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Aladdin (1992)

Aladdin – Special Edition DVD

Imagine if you had three wishes, three hopes, three dreams and they all could come true.

Directed by:

Ron Clements & Jon Musker

Rating: 10/10

Running Time: 90 minutes

US Certificate: G UK Certificate: U


These days we take it as read that all the big animated releases will be accompanied by a voice-over cast of A-list celebs. Just look at ‘Shark Tale’: it’s participating ensemble of such major Hollywood big-hitters as Will Smith, Robert De Niro, Renee Zellweger, Angelina Jolie, Jack Black and Martin Scorsese would be practically unthinkable in most live-action flicks – yet, in animation, we’ve come to expect it. ‘Aladdin’, with the ingenious casting of Robin Williams as its hyperactive motor-mouthed Genie, is the movie that kicked-off the trend.

Loosely based on the tale of the same name from ‘The Arabian Nights’, this captivating toon tells the story of street urchin Aladdin (voiced by Scott Weinger). The slightly-gullible young chappy is conned by the Sultan’s scheming vizier Jafar into heading inside a hidden cave and poking about for a musty old lamp (prompting a score of references to Raiders of the Lost Ark). Of course it all goes King Kong and poor Al is left trapped in the cave with no-one to keep him company but pet monkey Abu and a newly-discovered magic carpet. At least, that’s what he thinks until he rubs the lamp and out pops Genie – and, let me tell you now, he ain’t never had a friend like this.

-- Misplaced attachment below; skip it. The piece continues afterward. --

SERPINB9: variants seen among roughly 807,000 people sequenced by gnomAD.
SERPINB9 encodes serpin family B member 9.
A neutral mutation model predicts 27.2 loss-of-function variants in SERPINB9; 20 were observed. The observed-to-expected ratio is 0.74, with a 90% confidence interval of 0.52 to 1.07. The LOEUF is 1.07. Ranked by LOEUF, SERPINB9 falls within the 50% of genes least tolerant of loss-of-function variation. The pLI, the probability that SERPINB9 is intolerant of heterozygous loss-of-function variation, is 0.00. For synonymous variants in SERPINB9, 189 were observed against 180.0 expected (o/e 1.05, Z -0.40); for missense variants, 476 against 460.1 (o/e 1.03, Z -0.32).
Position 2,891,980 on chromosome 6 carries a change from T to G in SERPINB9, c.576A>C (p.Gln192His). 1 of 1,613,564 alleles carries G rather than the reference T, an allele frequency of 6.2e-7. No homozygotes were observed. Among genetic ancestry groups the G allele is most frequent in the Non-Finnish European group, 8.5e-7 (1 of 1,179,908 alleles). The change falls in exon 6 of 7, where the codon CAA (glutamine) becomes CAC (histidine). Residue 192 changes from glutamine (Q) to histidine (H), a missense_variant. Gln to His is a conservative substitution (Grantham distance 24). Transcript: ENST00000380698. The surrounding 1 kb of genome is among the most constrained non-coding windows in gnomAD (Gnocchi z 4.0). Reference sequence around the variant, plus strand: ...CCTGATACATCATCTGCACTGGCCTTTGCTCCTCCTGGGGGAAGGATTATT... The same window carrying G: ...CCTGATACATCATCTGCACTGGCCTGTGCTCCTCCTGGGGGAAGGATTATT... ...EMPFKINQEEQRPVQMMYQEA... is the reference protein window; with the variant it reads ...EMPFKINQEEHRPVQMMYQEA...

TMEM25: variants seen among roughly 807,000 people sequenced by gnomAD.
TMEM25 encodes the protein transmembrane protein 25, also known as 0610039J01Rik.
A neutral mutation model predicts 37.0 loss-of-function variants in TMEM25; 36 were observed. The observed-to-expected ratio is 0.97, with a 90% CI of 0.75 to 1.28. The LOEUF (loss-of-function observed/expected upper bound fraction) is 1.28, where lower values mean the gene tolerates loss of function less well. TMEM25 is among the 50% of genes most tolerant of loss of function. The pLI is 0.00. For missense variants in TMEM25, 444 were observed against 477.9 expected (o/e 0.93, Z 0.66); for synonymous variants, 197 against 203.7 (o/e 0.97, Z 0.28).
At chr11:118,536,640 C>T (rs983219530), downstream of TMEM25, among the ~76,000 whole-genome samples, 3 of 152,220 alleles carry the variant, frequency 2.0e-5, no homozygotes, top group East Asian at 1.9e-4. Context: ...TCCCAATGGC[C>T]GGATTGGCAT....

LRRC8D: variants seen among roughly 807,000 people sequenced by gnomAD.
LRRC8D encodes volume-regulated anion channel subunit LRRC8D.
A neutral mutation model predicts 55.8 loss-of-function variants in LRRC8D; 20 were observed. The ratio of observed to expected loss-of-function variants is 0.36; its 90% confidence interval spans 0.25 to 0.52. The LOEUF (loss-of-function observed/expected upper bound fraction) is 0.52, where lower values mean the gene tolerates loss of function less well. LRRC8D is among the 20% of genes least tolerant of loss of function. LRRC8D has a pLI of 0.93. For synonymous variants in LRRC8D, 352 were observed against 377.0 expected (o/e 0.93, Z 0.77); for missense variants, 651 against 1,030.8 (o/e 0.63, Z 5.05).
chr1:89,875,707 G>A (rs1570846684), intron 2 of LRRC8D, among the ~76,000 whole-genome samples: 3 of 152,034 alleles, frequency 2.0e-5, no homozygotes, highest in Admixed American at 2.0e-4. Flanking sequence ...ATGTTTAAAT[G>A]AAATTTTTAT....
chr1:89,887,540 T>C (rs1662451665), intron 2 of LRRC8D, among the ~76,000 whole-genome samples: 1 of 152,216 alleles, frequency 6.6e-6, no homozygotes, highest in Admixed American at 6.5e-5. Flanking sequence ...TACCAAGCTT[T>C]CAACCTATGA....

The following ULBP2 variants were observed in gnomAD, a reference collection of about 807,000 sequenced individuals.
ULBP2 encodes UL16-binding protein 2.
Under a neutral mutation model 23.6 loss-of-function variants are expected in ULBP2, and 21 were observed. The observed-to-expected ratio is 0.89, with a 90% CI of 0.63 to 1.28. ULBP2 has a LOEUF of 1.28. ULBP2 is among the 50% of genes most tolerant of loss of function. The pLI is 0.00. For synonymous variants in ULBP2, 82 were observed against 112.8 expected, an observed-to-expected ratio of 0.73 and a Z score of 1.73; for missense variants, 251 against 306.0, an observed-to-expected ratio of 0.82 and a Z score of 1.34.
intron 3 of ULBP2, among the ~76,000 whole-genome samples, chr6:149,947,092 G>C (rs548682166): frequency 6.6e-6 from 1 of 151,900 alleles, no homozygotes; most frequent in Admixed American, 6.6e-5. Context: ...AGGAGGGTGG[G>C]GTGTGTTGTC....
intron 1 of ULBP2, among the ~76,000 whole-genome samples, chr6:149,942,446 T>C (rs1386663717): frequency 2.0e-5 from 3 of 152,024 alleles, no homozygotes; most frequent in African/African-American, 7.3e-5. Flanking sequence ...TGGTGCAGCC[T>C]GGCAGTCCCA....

Three years before this one came out, directorial pairing Ron Clements and Jon Musker launched a Disney renaissance with The Little Mermaid, arguably the Mouse House’s best effort since ‘The Jungle Book’ way back in 1967. Here, they go a step better, bringing us a nigh-on perfect piece of feature-length animation. It’s fast-paced, it’s romantic, it’s got a good tight storyline, the music’s fantastic (who here doesn’t know the words to ‘Friend Like Me’ or ‘Whole New World’?) and, thanks to the efforts of both Williams and U.S. stand-up Gilbert Gottfried as the blackly-comic parrot Iago, it’s also very funny.

Films like this one serve as a reminder that it really wasn’t all that long ago that Disney were getting their 2D flicks spot-on. Compared to their more recent attempts such as Home on the Range, Treasure Planet and the near-sacrilegious Jungle Book 2, ‘Aladdin’ truly is a “diamond in the rough”.

It's Got: A thrilling chase, a wondrous place, for you and me!

It Needs: To be watched over and over again. This one’s a more than worthy addition to anyone’s DVD collection, young or old.

DVD Extras This 2-Disc Special Edition truly is one of the best DVD packages I’ve ever come across – even the bonus material has its own bonus material!! Disc 1 contains deleted songs, deleted scenes (generally in storyboard format, which if anything makes it even more interesting), audio commentary with the option of pop-up fun facts, and some specially made music vids (including ‘Newlyweds’ Jessica Simpson and Nick Lachey singing ‘Whole New World’ – well, even the best of DVDs have got their weak spots!). Disc 2 is where they keep all the interactive games, including a virtual magic carpet ride which kids will love and a guided tour of Genie’s lamp. Best of all though is the mind-bogglingly extensive documentary ‘Diamond in the Rough: The Making of Aladdin’, which, if watched in its entirety, lasts for over two hours. Alongside that there’s a featurette on composer Alan Menkin, a stills and publicity gallery, a look at how the artwork for the film was chosen, and a handful of trailers. For anyone with even half an interest in animation, it’s a must-have. DVD Extras Rating: 10/10


Aladdin and the King of Thieves, The Return of Jafar


One of Disney’s finest moments – seeing a film as good as this one almost makes sitting through guff like ‘Home on the Range’ worthwhile.